"You can learn whether the ions get adsorbed into small pores or large pores by simply comparing the changes in the neutron scattering," Yushin explained. "This experimental technique allows us to independently change the surface chemistry to see how that affects the ion concentrations, and we can use different solvents to observe how the interaction between electrolyte and pore walls affects the ion adsorption in pores of different sizes. We can further identify exactly where the ion adsorption takes place even when no potential is applied to an electrode."

Earlier work in this area had not provided clear results.

"There have been multiple prior studies on the pore size effect, but different research groups worldwide have obtained contradictory results depending on the material selection and the model used to determine the specific surface area and pore size distribution in carbon electrodes," Yushin said. "Neutron scattering should help us clarify existing controversies. We have already observed that depending on the solvent-pore wall interactions, either enhanced or reduced ion electro-adsorption may take place in sub-nanometer pores."

In their experiments, the researchers used two different electrolytes: water containing sulfuric acid and deuterium oxide - also known as heavy water - which also contained sulfuric acid. The two were chosen for the proof-of-concept experiments, though a wide range of other hydrogen-containing electrolytes could also be used.

Now that the technique has been shown to work, Yushin would like to expand the experimentation to develop better fundamental understanding about the complex interactions of solvent, ions and pore walls under applied potential. That could allow development of a model that could guide the design of future systems that depend on ion transport and adsorption.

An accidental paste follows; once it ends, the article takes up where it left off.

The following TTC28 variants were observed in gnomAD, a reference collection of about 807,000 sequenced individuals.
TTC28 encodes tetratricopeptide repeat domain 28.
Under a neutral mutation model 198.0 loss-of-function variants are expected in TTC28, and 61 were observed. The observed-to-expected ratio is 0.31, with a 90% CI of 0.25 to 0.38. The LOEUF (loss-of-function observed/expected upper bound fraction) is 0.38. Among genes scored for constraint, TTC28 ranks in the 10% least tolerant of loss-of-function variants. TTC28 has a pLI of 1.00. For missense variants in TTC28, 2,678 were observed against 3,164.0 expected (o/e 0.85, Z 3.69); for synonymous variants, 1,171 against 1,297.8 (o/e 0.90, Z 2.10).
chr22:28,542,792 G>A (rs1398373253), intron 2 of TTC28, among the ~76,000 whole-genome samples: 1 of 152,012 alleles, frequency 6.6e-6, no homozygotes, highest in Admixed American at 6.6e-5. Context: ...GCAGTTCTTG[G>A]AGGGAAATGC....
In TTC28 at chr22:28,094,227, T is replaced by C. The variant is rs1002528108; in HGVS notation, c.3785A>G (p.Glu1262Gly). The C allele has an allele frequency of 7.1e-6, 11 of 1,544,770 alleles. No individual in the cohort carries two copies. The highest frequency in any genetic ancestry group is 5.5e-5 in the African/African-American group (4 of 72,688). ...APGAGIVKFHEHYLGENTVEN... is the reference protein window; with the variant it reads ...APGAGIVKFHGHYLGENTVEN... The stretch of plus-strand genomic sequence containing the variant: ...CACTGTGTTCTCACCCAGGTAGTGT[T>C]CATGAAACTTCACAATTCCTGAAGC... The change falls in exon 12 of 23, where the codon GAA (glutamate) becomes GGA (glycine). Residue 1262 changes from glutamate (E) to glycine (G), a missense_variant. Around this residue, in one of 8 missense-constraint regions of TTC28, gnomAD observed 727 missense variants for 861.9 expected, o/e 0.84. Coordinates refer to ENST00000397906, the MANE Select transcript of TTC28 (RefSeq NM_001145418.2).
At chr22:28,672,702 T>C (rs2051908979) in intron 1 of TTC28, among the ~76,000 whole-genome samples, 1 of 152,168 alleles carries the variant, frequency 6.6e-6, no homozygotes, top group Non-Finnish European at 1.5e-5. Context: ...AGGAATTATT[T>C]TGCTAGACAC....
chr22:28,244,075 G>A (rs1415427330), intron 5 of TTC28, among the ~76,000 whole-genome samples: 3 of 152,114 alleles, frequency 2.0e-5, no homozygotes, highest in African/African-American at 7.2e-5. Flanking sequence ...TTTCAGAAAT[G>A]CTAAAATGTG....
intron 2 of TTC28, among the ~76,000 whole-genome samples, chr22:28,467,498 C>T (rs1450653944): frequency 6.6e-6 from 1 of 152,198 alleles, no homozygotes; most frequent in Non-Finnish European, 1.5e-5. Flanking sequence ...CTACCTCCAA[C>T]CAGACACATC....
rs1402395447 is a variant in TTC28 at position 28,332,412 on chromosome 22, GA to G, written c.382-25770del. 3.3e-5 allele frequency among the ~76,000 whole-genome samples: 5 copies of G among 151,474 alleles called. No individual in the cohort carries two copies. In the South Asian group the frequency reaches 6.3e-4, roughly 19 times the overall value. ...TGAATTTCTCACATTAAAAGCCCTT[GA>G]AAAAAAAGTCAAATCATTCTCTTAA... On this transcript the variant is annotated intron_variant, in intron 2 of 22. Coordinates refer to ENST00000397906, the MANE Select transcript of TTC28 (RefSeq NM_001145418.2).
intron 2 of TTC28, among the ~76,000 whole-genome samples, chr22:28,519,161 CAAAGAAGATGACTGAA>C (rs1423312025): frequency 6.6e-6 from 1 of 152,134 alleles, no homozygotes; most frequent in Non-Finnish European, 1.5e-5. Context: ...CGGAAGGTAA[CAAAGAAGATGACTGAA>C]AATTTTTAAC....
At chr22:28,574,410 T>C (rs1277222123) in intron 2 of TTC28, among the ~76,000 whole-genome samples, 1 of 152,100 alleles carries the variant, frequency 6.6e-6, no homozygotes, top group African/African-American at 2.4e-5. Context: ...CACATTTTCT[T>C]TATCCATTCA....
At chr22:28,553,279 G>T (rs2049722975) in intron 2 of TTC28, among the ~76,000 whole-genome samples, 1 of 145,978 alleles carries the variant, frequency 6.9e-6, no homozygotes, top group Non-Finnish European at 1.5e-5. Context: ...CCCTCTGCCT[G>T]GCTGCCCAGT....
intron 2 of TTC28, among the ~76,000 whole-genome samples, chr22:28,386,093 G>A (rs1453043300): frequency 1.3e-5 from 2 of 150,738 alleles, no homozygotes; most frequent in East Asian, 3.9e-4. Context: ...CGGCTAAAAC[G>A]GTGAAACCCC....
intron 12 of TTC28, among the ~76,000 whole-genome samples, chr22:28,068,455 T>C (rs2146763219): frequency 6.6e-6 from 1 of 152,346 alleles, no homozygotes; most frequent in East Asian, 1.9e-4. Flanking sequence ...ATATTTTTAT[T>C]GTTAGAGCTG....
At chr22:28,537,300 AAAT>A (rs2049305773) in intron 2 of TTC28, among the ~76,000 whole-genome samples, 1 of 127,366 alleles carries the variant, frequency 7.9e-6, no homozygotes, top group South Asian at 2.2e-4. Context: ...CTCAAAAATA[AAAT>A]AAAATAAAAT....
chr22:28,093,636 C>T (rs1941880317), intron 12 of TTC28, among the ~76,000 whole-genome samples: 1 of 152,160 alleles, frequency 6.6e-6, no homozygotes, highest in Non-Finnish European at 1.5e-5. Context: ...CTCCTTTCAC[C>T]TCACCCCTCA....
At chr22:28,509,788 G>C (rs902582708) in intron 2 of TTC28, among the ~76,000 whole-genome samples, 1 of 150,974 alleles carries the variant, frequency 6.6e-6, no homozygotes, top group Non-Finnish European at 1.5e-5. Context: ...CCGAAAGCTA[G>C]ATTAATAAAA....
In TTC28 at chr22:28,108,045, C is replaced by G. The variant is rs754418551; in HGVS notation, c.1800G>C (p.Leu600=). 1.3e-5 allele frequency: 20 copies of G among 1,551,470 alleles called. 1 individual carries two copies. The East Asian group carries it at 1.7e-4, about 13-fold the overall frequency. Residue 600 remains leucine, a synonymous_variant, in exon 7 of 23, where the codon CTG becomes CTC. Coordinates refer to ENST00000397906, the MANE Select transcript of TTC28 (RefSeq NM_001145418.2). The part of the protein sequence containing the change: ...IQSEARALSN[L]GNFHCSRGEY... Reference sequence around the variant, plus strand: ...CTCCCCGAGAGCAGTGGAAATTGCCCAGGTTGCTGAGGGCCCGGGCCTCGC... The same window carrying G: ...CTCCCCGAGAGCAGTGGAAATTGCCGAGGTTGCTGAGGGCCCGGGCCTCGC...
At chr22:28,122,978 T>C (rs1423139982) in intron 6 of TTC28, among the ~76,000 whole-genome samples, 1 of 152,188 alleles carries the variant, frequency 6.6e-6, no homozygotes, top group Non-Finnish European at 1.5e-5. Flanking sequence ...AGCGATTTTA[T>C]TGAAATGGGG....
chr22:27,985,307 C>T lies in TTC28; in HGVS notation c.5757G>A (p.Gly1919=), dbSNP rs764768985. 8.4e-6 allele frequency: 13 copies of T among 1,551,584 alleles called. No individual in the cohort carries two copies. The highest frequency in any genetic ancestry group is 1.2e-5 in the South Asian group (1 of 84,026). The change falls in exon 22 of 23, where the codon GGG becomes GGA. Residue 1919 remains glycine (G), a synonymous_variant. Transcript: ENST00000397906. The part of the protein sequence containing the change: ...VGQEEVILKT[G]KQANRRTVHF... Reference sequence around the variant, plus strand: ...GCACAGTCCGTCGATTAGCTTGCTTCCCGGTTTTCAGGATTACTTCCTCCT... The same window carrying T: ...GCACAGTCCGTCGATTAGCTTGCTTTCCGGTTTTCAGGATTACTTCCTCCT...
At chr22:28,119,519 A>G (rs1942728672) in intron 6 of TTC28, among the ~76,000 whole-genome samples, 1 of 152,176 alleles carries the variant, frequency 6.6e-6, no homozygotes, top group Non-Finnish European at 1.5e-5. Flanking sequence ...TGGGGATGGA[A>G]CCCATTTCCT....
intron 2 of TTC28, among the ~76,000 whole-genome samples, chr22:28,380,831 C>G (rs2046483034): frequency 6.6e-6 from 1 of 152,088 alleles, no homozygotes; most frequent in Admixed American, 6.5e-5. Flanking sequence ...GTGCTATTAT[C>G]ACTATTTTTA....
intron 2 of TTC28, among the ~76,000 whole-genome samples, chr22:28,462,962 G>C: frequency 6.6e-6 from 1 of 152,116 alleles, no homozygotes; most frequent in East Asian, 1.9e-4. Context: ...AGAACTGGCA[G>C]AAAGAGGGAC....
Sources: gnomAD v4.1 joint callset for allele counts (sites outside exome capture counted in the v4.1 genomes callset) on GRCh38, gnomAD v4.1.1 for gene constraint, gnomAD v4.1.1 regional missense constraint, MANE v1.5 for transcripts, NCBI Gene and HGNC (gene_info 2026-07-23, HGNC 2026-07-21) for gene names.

"Once you gain the fundamental knowledge from SANS experiments, predictive theoretical models could be developed that would guide the synthesis of the optimal structures for these applications," he said. "Once you clearly understand the structure-property relationships, you can use materials science approaches to design and synthesize the optimal material with the desired properties."

Information developed through the research could lead to improvements in supercapacitors and hybrid battery-capacitor devices for rapidly growing applications in hybrid electrical vehicles, energy efficient industrial equipment, smart grid-distributed energy storage, hybrid-electric and electrical ships, high-power energy storage for wind power and uninterruptible power supplies.

This research was partially supported by the Georgia Institute of Technology and the U.S. Army Research Office under contract number W911NF-12-1-0259. The research at ORNL's High Flux Isotope Reactor was sponsored by the Laboratory Directed Research and Development Program and the Scientific User Facilities Division, Office of Basic Energy Sciences, U.S. Department of Energy. The conclusions are those of the authors and do not necessarily reflect the official positions of the U.S. Army Research Office or the Department of Energy.

####

For more information, please click here

Contacts:
Research News
Georgia Institute of Technology
177 North Avenue
Atlanta, Georgia 30332-0181

John Toon
404-894-6986

Copyright © Georgia Institute of Technology

If you have a comment, please Contact us.

Issuers of news releases, not 7th Wave, Inc. or Nanotechnology Now, are solely responsible for the accuracy of the content.

Bookmark:
Delicious Digg Newsvine Google Yahoo Reddit Magnoliacom Furl Facebook

Related Links

CITATION: Boukhalfa, S., et al., “Small-Angle Neutron Scattering for In Situ Probing of Ion Adsorption Inside Micropores.” Angew. Chem. Int. Ed (2013):

Related News Press

News and information

Surfing a wake of light: Researchers observe and control light wakes for the first time July 6th, 2015